Google being Google, details about what the broad core updates will change are relatively scant. Still, here’s what we do know:

Why Two Core Updates?

Based on statements from Google liaison Danny Sullivan and others, it seems the search engine simply didn’t want to sit on some of the completed updates while it waited for the rest to be finalized. 

Sullivan did note that some effects from the first part of the update may be temporary, however, as the second part rolls out. 

“Of course, any core update can produce drops or gains for some content. Because of the two-part nature of this release, it’s possible a very small slice of content might see changes in June that reverse in July.”

What You Should Expect

As with most broad core updates, Google is giving somewhat mixed signals about how big the impact will be. 

On one hand, the company says most sites won’t notice any changes to their presence in search results. At the same time, Google says the update will produce “some widely noticeable effects.”

From past experience, we can predict that sites producing quality content and keeping up with overall Google guidelines will be largely unaffected. Those within more controversial or less reputable industries (online gambling, some medical niches, law, etc.), may be more likely to see some fallout even if they have been doing everything “right”. 

Those using tactics which can be seen as more “spammy” such as republishing content, using user-generated content in overbearing or spammy ways, or using questionable guest-blogging practices may also be likely to see some negative results as the update rolls out.

Ultimately, we will all have to wait and see as the update finishes, which Google says should take about two weeks. 

What To Do If You Are Affected

Perhaps one of the most frustrating things about broad core updates is that you can be impacted even if you aren’t doing anything ostensibly “wrong”. Some pages may see negative ranking shifts despite following all of Google’s guidance. 

This makes recovering a tricky proposition, but Google has provided some advice for brands negatively impacted. 

Specifically, the company suggests asking yourself the following questions about your brand:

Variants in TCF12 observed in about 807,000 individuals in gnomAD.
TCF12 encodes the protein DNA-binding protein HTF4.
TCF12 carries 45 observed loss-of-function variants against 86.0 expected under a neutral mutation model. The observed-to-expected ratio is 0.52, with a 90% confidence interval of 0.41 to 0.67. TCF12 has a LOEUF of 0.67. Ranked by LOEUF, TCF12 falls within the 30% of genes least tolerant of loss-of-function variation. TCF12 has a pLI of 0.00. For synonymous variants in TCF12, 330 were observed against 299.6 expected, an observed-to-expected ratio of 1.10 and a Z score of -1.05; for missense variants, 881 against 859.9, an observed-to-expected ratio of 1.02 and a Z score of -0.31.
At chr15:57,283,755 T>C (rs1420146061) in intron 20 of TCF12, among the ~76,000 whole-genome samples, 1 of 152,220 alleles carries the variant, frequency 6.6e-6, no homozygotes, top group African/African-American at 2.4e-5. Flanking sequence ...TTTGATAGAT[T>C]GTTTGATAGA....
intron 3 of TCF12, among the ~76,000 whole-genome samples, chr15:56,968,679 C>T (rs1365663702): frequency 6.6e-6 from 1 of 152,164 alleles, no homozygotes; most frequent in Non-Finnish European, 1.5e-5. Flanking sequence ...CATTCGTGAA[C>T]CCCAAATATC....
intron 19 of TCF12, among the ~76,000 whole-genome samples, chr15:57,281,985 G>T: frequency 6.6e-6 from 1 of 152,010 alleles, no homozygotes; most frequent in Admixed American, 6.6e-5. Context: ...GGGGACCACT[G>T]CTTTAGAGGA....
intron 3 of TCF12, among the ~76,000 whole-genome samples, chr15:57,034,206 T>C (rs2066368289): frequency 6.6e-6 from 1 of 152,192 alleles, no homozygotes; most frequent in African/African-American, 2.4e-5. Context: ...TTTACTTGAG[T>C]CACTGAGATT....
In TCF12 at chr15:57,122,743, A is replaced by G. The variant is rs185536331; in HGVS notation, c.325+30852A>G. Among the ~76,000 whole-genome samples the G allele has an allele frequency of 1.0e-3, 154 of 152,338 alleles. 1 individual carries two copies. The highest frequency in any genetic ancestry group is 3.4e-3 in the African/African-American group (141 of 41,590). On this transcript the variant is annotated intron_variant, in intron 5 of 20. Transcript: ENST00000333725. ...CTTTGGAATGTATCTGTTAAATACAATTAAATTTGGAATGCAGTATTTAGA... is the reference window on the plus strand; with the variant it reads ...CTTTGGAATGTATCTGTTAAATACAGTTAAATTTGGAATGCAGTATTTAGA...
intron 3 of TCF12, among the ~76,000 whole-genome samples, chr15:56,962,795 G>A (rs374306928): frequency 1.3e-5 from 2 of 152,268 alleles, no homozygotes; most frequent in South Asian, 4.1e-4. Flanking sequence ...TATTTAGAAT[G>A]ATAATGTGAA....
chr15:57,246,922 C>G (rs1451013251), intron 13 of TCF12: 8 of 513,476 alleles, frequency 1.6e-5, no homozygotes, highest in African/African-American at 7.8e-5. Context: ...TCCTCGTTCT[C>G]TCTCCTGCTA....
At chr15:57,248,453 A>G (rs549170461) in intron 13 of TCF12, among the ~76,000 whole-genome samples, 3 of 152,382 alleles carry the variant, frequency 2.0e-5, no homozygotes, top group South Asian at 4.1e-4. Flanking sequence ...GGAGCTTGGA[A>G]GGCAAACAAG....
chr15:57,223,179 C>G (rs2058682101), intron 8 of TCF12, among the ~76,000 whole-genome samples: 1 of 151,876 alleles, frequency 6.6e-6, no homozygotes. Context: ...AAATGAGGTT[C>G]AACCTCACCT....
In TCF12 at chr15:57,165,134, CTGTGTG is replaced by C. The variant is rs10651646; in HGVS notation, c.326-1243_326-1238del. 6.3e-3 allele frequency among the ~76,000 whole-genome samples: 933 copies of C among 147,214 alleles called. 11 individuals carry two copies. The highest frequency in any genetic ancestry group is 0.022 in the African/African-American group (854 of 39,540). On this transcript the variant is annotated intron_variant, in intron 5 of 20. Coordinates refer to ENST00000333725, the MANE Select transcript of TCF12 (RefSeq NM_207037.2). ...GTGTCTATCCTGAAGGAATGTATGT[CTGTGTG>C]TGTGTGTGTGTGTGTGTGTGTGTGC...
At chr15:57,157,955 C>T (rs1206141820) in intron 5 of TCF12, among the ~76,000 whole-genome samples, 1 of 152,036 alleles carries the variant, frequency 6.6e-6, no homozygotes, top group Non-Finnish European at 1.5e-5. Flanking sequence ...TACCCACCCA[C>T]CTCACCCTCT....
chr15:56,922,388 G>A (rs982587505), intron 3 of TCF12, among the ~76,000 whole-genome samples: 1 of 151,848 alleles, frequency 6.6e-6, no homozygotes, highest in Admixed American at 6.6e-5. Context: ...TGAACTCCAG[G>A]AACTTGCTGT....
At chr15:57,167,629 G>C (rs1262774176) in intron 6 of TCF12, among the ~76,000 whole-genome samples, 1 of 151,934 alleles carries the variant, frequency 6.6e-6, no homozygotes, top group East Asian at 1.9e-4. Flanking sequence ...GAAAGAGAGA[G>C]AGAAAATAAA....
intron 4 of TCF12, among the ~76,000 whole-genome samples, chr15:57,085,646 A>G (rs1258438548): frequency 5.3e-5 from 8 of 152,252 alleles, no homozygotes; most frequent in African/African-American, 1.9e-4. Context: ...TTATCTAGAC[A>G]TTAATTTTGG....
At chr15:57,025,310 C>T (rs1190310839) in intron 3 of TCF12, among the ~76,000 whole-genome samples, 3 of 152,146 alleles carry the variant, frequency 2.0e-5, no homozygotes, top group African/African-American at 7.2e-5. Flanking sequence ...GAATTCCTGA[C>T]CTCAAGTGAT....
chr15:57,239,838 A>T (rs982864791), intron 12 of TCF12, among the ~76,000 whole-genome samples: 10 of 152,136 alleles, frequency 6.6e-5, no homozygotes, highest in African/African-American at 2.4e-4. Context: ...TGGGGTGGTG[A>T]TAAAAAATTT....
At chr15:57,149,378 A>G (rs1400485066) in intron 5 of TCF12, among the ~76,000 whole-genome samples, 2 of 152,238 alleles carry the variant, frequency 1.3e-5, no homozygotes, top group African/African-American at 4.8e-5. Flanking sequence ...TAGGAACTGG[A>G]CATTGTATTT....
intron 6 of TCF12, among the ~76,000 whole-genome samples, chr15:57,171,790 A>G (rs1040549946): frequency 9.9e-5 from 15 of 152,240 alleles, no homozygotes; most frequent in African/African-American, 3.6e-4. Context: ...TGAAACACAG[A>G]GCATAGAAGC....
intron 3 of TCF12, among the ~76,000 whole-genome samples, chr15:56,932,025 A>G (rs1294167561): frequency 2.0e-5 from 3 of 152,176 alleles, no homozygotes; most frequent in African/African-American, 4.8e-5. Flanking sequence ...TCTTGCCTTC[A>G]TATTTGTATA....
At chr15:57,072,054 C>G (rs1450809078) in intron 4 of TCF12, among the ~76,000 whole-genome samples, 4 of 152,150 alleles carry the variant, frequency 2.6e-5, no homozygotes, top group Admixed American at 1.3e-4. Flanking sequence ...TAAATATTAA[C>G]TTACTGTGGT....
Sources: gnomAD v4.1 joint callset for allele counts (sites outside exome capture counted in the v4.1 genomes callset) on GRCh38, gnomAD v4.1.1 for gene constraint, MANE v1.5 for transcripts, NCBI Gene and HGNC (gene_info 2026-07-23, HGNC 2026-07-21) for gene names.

Content and Quality Questions

  • Does the content provide original information, reporting, research or analysis?
  • Does the content provide a substantial, complete or comprehensive description of the topic?
  • Does the content provide insightful analysis or interesting information that is beyond obvious?
  • If the content draws on other sources, does it avoid simply copying or rewriting those sources and instead provide substantial additional value and originality?
  • Does the headline and/or page title provide a descriptive, helpful summary of the content?
  • Does the headline and/or page title avoid being exaggerating or shocking in nature?
  • Is this the sort of page you’d want to bookmark, share with a friend, or recommend?
  • Would you expect to see this content in or referenced by a printed magazine, encyclopedia or book?

Expertise Questions

  • Does the content present information in a way that makes you want to trust it, such as clear sourcing, evidence of the expertise involved, background about the author or the site that publishes it, such as through links to an author page or a site’s About page?
  • If you researched the site producing the content, would you come away with an impression that it is well-trusted or widely-recognized as an authority on its topic?
  • Is this content written by an expert or enthusiast who demonstrably knows the topic well?
  • Is the content free from easily-verified factual errors?
  • Would you feel comfortable trusting this content for issues relating to your money or your life?

Presentation and Production Questions

  • Is the content free from spelling or stylistic issues?
  • Was the content produced well, or does it appear sloppy or hastily produced?
  • Is the content mass-produced by or outsourced to a large number of creators, or spread across a large network of sites, so that individual pages or sites don’t get as much attention or care?
  • Does the content have an excessive amount of ads that distract from or interfere with the main content?
  • Does content display well for mobile devices when viewed on them?

Comparative Questions

  • Does the content provide substantial value when compared to other pages in search results?
  • Does the content seem to be serving the genuine interests of visitors to the site or does it seem to exist solely by someone attempting to guess what might rank well in search engines?

While not hard and fast guidance, these questions can help you evaluate your site and find areas to improve upon before the next broad core update. 

Thankfully, in this case we know the next update is coming quite soon – July 2021 – so there is a chance any negative effects from the ongoing update will be short-lived. 

LinkedIn is expanding its advertising options for brands and entrepreneurs on the platform with new Event Ads and the ability to “Boost” organic posts from your brand’s page.

As the company said in this week’s announcement: